Updating my personal workstations in 2021

Kareem Anderson

Well, many of us had planned to be back in the office at this point while others find themselves comfortably working from home still as the world remains influx as COVID-19 ebb and flow. However, the pre-post pandemic has shuffled out for you personally, companies have taken the past 365 days to provide customers with even more personalized devices to help aid, maintain or even improve their levels of productivity or creativity whether at a home office, new CDC inspired in-person workstations or re-emerging jet setting travel bug.

From lower cost webcams with improved specs to redesigned battery packs, anyone looking to refresh their device catalogue to accommodate their evolving workflow are existing in a time where there is an abundance of choice and quality.

I am among the many doing some hybrid work, where I spend some time still at home (not as much these days), sometime in the office and I’ve even had to travel, so I’ve compiled a new list of devices, peripherals, and software that I have or plan to use during this typical “Back-To-School, Labor Day” season.


I’ve had the fortune to test a ton of PCs over the past year that include several Ultrabook’s, gaming rigs and detachables. Despite having a plethora of amazing devices to select from, I find myself still gravitating to the Surface Laptop 4. With each laptop review I’ve engaged in, I’ve paired it against the Surface Laptop 4 and the results for many have outperformed Microsoft’s flagship in one or more metrics, but the Laptop 4’s overall steady performance has become something I’ve grown to appreciate.

Surface Laptop 4 Hero Cropped

For clarification, most laptops I’ve tested tout a major design or software upgrade over its predecessor while ultimately letting a standard feature go unattended such as Ultrabook’s marketing weight reductions while sacrificing key travel or battery. The Surface Laptop 4’s sacrifice of port availability seems to be the only apparent drawback for my workflow and is quickly overcome by some of the products listed below.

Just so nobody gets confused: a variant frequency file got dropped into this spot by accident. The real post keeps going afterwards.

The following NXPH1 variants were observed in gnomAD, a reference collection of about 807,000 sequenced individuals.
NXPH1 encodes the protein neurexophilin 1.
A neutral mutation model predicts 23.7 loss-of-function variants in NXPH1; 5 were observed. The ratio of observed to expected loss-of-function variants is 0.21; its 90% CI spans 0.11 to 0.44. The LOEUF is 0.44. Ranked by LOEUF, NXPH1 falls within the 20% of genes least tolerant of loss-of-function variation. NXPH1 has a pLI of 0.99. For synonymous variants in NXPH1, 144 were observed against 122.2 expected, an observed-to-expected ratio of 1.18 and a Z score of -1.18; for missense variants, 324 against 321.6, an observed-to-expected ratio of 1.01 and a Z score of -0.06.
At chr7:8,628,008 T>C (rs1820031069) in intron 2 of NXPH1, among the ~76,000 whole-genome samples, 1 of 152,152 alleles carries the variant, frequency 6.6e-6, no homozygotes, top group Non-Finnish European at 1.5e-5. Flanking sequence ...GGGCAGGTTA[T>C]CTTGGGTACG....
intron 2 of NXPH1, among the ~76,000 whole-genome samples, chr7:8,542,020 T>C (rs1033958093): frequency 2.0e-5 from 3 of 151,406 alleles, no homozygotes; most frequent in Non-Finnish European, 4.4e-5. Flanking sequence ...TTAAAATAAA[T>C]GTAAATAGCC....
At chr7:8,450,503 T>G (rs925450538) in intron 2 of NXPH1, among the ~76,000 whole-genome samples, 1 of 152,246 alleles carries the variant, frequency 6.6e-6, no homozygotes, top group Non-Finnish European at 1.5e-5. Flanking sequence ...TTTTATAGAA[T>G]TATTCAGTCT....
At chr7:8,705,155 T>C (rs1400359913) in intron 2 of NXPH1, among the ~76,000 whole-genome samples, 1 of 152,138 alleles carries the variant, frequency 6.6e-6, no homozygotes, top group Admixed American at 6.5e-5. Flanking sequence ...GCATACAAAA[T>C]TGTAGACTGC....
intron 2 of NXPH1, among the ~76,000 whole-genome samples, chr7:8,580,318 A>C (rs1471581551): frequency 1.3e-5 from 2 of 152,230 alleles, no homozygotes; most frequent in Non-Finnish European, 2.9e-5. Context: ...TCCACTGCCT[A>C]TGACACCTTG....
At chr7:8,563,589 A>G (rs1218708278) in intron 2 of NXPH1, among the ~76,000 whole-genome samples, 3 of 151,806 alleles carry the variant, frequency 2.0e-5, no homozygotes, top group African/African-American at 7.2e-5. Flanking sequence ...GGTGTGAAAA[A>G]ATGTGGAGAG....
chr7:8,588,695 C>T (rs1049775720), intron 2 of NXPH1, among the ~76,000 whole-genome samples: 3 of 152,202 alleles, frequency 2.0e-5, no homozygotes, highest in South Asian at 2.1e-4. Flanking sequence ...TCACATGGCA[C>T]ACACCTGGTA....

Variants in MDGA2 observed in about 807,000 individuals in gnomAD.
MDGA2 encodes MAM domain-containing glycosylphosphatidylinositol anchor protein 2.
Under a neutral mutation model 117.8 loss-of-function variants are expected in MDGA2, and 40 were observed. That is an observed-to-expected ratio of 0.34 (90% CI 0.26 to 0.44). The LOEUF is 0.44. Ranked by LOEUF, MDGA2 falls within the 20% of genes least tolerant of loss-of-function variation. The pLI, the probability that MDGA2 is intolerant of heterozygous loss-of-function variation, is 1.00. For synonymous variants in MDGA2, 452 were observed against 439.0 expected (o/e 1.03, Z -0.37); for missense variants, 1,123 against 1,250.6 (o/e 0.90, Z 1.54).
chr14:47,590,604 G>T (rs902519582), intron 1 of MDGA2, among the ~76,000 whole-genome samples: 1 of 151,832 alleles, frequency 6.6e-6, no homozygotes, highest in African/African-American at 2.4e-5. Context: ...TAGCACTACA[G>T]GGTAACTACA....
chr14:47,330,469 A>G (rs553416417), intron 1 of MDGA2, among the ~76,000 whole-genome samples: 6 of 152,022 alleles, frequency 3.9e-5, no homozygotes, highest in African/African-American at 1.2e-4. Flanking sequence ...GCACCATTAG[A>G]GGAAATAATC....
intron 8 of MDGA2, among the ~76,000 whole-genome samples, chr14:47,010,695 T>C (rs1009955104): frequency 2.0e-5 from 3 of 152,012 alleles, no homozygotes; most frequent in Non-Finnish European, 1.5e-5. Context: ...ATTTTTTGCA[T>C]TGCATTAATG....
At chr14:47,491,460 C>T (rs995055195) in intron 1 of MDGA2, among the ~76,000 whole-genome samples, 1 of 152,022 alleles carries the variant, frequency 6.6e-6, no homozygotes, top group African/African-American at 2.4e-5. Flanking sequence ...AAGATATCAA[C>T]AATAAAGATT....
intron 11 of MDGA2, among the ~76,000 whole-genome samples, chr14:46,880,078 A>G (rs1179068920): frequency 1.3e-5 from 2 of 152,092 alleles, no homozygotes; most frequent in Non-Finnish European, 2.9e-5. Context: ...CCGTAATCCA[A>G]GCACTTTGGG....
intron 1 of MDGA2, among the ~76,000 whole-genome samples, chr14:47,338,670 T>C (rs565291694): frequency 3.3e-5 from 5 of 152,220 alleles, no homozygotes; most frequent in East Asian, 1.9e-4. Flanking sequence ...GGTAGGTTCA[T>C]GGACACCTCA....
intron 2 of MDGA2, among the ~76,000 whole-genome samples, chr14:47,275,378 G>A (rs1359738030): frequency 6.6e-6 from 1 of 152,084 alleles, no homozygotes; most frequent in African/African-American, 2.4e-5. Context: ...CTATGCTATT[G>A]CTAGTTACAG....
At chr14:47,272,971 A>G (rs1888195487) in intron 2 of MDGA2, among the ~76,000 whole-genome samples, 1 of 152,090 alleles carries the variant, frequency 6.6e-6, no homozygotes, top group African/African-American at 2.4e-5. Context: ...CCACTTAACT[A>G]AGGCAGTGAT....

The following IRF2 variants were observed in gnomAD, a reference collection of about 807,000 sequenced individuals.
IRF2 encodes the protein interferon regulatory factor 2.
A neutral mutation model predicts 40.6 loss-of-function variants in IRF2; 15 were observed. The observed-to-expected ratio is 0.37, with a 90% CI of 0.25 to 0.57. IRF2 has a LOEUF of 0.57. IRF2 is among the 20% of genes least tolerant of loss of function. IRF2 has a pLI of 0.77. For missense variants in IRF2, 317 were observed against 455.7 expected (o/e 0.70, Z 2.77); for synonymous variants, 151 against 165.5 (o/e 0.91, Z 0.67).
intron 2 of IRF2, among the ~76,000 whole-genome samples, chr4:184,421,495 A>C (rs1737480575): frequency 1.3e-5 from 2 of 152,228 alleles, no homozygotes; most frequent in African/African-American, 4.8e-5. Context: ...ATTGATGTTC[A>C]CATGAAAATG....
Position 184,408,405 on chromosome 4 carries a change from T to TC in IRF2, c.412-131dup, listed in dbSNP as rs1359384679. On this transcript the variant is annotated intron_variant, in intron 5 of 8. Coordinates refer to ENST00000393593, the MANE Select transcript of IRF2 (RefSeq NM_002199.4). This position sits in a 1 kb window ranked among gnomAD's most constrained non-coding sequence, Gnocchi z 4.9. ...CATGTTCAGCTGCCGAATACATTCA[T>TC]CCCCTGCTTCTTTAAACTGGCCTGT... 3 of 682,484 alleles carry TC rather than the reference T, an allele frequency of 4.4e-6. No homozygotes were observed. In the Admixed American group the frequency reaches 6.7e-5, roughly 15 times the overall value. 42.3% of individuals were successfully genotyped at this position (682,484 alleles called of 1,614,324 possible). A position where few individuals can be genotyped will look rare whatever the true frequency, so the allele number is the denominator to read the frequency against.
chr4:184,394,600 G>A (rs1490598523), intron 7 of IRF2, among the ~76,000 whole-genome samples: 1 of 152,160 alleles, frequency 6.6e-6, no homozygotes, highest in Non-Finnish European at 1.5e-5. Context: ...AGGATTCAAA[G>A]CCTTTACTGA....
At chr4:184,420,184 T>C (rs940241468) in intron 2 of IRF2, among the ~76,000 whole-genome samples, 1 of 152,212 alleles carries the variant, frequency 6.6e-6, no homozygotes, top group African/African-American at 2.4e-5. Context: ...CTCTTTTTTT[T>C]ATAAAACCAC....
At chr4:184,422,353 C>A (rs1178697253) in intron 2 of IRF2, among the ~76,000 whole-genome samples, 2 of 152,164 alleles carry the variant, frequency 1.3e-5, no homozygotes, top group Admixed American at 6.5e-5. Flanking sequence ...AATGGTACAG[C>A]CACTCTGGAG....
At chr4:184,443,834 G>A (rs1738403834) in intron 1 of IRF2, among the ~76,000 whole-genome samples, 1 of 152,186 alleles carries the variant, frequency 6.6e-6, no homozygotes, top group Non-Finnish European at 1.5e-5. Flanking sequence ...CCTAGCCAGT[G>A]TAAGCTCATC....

Not much has changed in the way of monitors from what I was using last year. I still use of a Lenovo L24Q-30 23.8-inch QHD monitor, but I’ve also added to my setup with a Vionzon Selfie Desktop Live Stand Set 6-in-1 desk mount which has helped tremendously in hosting the OnMSFT podcast. For $139.98, it also comes with a ring light which I’ve found a must for even decently looking video conferencing from my bedroom. The setup is pretty straightforward and should work with any type of desk, even two dinner trays put together (I’m told).

There is a dock setup for an extra monitor or laptop at eye level which I’m told is great for ergonomics as well.

Docks & Hub

While I can do most of my work directly from the Surface Laptop 4, pairing it with a dock or hub helps extend that flow and, in most cases, increases my output. Since I prefer the Surface Laptop 4, I’ve also stuck with using my original Surface Dock when I’m at a dock, typically used when shooting footage for the OnMSFT Podcast, other videos, image editing, marketing management and more laborious tasks.

I’ve also been testing a new IOGEAR 3-Port USB-C KVM. While it’s not as intuitive as a normal dock, it does offer some really cool features if you’re willing to put the tiniest bit of elbow grease into setting it up. Instead of typical relay multimonitor display, the DisplayPort dock does that as well as allowing the user to switch and control between 2 display ports and a USB-C connected device (typically a laptop) from a USB-A connected keyboard.

Unlike typical display docks, users will need to familiarize themselves with DVI ports and cables to get the full use out of the IOGEAR, but when set up properly (cables included), things like 4K gaming, Multi Stream Transport, HD Audio, and single tap display switching.

All the connectivity of the IOGEAR dock is done while delivering 45W of power to devices via the USB-C connection.

Switch and Control between 2 DisplayPort and 1 USB-C devices/computers from one USB keyboard, mouse and 4K DisplayPort monitor and share two USB peripherals

  • Power Delivery 3.0 allows for USB-C device charging up to 45W1
  • Cinema 4K resolution (4096 x 2160 @60Hz)2 with one monitor
  • DisplayPort 1.2 compliant; HDCP 1.4 compliant
  • Multi Stream Transport (MST) Support, enable to expand to two DisplayPort monitors3
  • 2-Port USB 3.1 Gen 1 for SuperSpeed 5Gbps data transfer rate2
  • DisplayPort Alternate Mode (DP Alt Mode), enable USB-C connection to carry DisplayPort signals
  • Computer selection via front panel pushbutton, hotkeys, mouse4 and remote port selector